Unity in Arms in the 16th-Century Philippines

Excerpt from Don Santiago de Vera's letter


It is a popular belief that the ancestors of the modern-day Filipinos had a poor sense of unity across the archipelago. And this becomes a convenient excuse or a lazy way to explain why the precolonial Filipinos were subjugated by the Castilians.

This common belief is about to be shattered, for upon review of historical accounts, it can be observed that the 16th-century Filipinos and their nearby nations had a strong sense of unity in vanquishing the Spanish Empire in the Far East.


In 1589, Don Santiago de Vera, the sixth Spanish governor-general of the Philippines, had written an interesting military report to King Felipe II:

“I learned that some chiefs of these islands had intrigued with that people to secure their aid; and that they had plotted together to do this, and had agreed to bring Burney [Brunei] and the kings of Jolo and of Mindanao [Maguindanao], and many other foreigners against this city, in order to rob and kill us.”

— Governor-General Santiago de Vera, July 1589

The chiefs whom Don Santiago de Vera pertained were the Tagalog princes of Manila, Tondo, Candaba, Bulacan, Pandacan, Navotas, Taguig, and Quiapo. And these native princes had recruited more nobles as far as Bataan, Batangas, Cavite, Laguna, and other Tagalog villages along the banks of the Pasig River and nearby areas.

The Tagalog nobles’ resolve spread across seas, for the royal houses of Brunei, Sulu, and Maguindanao joined their cause to crush the Spanish conquerors.

As for the mentioned foreigners, they were the Japanese, who earlier agreed on expanding the Tagalog forces by bringing samurais, warriors, and armaments.

Unfortunately, this Tagalog-led uprising failed when Antonio Surabao of Calamianes betrayed them to the Spanish authorities. This led to the executions of the Tagalog princes and the banishment of the rest of the noble conspirators to Nueva España or Mexico. And four hundred years later, this rebellion is now called the Tondo Conspiracy, the Conspiracy of the Maharlikas, or the Revolt of the Lakans.


Surprisingly, in that same report of 1589, Don Santiago de Vera included a rebellion plot that happened in the Visayas:

“After that, in the province of Cubu [Cebu] and in that called the Pintados, the chiefs held a conference, and plotted to kill the Spaniards. The majority of those who took part in this have been imprisoned, and proceedings are being instituted against them.”

— Governor-General Santiago de Vera, July 1589

Like the unfortunate Tagalogs, the Spaniards discovered the Cebuano conspiracy, which led to the executions of the best Visayan warriors and nobles — and it is believed that Cebuano crown prince Pinsuncan, son of Raja Tupas, was among the executed.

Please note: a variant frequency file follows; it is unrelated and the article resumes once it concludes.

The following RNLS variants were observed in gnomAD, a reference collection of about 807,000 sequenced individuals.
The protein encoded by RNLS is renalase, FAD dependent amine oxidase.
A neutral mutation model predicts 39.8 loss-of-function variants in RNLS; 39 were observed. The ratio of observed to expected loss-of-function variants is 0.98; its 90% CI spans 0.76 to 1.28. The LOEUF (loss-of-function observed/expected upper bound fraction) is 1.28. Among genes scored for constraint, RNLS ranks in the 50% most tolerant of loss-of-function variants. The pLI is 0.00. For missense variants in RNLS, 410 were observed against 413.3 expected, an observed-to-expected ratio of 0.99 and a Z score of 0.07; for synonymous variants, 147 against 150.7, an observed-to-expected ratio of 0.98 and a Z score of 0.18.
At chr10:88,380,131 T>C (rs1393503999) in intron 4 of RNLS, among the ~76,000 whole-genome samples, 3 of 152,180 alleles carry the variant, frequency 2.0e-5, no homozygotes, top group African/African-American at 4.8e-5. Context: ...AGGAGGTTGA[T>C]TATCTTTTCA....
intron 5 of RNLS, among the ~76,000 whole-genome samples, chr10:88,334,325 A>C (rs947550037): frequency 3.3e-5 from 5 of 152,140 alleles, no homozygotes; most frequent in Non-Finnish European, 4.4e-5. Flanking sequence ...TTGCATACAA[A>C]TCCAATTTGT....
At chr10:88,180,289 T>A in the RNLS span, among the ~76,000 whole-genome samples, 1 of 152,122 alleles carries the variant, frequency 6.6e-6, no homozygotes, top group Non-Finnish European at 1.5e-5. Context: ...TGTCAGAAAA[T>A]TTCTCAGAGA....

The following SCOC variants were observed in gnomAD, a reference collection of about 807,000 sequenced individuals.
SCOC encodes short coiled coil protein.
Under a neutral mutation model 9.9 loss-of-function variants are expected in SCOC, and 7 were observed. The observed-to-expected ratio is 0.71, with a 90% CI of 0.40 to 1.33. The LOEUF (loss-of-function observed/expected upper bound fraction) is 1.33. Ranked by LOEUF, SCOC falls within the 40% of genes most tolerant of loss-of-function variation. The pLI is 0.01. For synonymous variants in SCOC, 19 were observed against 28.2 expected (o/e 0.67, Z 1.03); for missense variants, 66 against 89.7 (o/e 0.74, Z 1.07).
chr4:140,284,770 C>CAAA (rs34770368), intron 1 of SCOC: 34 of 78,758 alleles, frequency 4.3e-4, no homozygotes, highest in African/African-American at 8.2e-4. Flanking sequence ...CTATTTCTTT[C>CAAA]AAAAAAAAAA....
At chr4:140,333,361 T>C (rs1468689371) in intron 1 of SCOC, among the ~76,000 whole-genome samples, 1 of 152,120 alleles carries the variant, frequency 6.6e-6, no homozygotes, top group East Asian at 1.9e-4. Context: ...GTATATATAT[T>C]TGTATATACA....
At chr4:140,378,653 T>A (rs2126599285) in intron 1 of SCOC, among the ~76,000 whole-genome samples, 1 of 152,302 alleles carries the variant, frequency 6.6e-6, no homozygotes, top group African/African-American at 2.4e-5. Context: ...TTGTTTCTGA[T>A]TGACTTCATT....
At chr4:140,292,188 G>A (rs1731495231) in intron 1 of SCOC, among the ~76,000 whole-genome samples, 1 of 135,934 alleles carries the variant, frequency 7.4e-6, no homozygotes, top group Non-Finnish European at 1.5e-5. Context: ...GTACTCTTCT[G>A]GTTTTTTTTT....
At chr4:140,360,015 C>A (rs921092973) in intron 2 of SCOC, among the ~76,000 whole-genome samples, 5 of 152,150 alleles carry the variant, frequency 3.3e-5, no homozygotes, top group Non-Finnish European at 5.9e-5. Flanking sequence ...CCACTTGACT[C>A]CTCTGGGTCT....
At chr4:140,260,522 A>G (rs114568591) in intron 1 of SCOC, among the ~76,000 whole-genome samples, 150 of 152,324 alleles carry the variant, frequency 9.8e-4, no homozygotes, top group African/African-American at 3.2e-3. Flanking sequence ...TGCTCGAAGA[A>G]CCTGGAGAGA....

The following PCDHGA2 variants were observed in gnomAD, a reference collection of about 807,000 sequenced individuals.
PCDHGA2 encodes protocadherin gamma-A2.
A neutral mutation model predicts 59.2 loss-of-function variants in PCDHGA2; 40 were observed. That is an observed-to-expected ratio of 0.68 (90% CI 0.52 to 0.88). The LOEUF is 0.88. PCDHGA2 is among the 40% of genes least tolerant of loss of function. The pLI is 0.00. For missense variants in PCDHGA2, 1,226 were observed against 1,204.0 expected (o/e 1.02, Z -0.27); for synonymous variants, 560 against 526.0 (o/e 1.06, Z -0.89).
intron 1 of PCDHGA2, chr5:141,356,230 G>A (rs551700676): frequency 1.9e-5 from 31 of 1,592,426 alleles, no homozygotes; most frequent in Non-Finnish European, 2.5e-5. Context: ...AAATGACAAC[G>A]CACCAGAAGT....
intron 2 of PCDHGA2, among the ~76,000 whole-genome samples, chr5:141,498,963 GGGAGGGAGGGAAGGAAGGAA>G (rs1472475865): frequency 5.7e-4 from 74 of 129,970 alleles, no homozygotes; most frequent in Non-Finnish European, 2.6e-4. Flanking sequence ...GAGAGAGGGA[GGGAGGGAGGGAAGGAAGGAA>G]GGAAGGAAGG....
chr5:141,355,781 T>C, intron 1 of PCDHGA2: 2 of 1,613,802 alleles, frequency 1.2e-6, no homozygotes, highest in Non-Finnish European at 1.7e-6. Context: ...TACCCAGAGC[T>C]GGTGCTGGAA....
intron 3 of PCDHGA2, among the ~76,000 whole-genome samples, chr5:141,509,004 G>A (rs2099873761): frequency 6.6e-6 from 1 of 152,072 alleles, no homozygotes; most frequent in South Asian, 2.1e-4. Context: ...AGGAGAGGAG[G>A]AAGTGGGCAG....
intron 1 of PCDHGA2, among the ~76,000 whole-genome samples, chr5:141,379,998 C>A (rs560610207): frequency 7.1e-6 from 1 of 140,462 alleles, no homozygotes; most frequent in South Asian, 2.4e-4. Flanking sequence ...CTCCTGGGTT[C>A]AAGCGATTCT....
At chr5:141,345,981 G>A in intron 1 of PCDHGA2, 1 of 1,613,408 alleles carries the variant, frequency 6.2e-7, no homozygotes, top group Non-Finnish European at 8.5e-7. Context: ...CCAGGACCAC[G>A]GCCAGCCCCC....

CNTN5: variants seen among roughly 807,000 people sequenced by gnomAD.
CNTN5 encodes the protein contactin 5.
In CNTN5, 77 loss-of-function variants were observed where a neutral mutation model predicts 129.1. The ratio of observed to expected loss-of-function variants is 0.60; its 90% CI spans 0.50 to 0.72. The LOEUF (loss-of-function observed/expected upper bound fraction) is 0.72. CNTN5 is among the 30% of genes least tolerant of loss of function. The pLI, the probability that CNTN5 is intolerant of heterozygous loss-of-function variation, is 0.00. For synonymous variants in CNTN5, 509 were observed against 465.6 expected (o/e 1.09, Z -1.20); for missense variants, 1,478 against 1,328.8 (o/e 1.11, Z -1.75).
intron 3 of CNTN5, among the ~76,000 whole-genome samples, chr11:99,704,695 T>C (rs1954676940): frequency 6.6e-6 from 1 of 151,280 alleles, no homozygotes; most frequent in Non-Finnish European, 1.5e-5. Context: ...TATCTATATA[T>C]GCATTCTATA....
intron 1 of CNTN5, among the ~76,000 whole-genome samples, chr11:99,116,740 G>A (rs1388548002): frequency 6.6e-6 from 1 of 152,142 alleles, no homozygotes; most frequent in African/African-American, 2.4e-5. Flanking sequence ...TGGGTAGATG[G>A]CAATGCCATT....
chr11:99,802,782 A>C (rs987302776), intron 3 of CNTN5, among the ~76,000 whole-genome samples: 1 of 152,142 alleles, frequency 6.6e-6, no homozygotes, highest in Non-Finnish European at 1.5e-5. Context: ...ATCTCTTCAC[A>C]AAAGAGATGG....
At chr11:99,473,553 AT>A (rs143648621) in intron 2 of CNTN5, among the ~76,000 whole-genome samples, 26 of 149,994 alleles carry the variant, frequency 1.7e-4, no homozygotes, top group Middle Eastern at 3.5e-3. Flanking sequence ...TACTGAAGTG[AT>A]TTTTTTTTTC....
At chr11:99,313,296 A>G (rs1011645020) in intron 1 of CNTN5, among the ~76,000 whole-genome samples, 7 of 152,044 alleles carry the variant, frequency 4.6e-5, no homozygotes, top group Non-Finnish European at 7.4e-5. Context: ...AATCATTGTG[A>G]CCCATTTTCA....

That same year of 1589, Licentiate Gaspar de Ayala sent a letter to the Spanish king. The licentiate reported that their encomienda in Cagayan Valley was under rebellion:

“Four or five months ago[,] two soldiers came from the city of Segovia, located in the province of Cagayan. They were sent by the alcalde-mayor of that province, bringing word that the province was all in rebellion and that the Indians had killed many Spaniards.”

— Licentiate Gaspar de Ayala, July 1589

The natives of Cagayan Valley in Northern Luzon overran a Spanish fort, killing their encomiendero and several Castilians. As for the Spanish reprisal, Don Santiago de Vera sent his army, and they turned Cagayan Valley’s vast rice fields and rich coconut plantations into ashes.

However, to their Castilian shock, the rebels of Cagayan Valley frustrated the Spaniards by burning their huts, retreating to the mountains, and leaving their community useless for Spanish use.


Historical accounts prove that there was a unifying spirit among the ancient Filipinos and their neighboring allied nations to go against the unstoppable Spanish Armed Forces in the 16th-century Far East.

We can theorize that the Tagalog nobles might have inspired or even planned the interisland concerted attack against the Spanish Regime in 1589. This is strongly plausible, for all of them were connected by trade: the Tagalogs, the Japanese, the Bruneians, the Tausugs, the Maguindanaons, and the Visayans, and even the natives of Cagayan Valley — who had access to the much-coveted Igorot gold — were bartering before the coming of the Spanish conquerors.


If only the Tagalog princes were not betrayed, imaginably, the greatest Far Eastern forces made of the ancient Filipino kampilan wielders, Bruneian silat masters, and Japanese samurais might have defeated the 16th-century Spanish Empire in the Far East.

Nonetheless, basing on these historical accounts, we can learn that there were regional Malayan kingdoms in the precolonial Philippines; there was a unified spirit to fight for freedom among these ancient kingdoms of Luzon, the Visayas, and Mindanao; and they were supported by neighboring countries, such as Japan and Brunei.


  • Blair, Emma Helen, and Alexander Robertson, eds. The Philippine Islands 1493-1898. Cleveland, Ohio: The Arthur H. Clark Company, 1903-1909.
  • Scott, William Henry. The Discovery of the Igorots: Spanish Contacts with the Pagans of Northern Luzon. Quezon City: New Day Publishers, 1974.
  • Sitoy, T. Valentino Jr. A History of Christianity in the Philippines: The Initial Encounter. Quezon City: New Day Publishers, 1985.

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